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China Speak: Bureaucracy, Bo Xilai & Lowering Prices

Photo: Chengguan shut down a street vendor. Xinhua

Quotes from around China this week

“There is never a lack of money or good intentions in today’s China. What we are short of are capable and courageous men of action.”
- Independent investigator Li Jianjun, who turned over evidence of alleged mismanagement, negligence and corruption by senior executives of mainland companies to the Hong Kong anti-graft bodies. South China Morning Post

"The Chinese have been playing bureaucratic games for 2,000 years. They are pretty experienced. The meaningful thing is to do something for the whole country, the whole system. Not to open a hole and then put a cap on it.”
- Economist Andy Xie, criticizing the pilot project approach to capital account liberalization as outdated. Reuters

"The authorities are dying to keep up the pretense at all costs. But as civil rights awareness continues to grow among the public, confrontations between authority and the public will intensify."
- Lawyer Yuan Yulai, on authorities’ failure to address the root causes of conflict between chengguan and the public. South China Morning Post

“The ordinary masses in Chongqing saw Bo Xilai transform the city from a poor one to one with high GDP growth, a low crime rate and a low unemployment rate. His concept of ‘collective prosperity’ is very appealing to the Chinese people and that is why they still support him.”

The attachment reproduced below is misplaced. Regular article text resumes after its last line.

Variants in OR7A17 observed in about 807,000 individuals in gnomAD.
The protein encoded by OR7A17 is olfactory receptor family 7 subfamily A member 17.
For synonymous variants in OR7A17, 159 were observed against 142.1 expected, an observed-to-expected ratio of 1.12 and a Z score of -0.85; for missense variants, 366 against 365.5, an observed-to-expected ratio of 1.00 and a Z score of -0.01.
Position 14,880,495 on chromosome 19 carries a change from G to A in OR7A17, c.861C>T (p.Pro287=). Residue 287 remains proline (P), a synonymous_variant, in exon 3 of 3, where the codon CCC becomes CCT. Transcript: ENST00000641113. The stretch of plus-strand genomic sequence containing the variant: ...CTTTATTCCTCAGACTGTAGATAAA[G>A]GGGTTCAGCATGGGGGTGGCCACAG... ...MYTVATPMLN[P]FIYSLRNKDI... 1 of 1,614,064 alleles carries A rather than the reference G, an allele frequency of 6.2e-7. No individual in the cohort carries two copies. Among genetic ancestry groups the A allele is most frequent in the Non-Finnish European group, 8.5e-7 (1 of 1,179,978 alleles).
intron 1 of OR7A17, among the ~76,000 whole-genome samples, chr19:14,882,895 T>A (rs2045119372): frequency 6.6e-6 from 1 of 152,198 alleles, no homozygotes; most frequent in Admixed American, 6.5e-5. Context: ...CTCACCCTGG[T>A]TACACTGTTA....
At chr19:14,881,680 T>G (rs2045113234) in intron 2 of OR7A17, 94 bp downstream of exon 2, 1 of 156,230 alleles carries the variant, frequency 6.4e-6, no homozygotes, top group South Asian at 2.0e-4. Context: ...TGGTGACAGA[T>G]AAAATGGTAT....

- Commentator Yu Li, on the disgraced official’s enduring popularity. Financial Times

“Some people eagerly wish that their motherland suffer accidents every day. They have become accustomed to playing up these incidents when they happen. Those blasting China every day, why don’t you leave China and move to America? Get out quickly! I totally support you!”
- Deputy governor of Guizhou Province Chen Mingming, responding to criticism of chengguan attacks on street vendors. Tea Leaf Nation

"Lower prices, lower prices."
- Premier Li Keqiang to HP Billiton's new chief executive Andrew Mackenzie at private meeting in June, referring to lowering iron ore prices. The Australian


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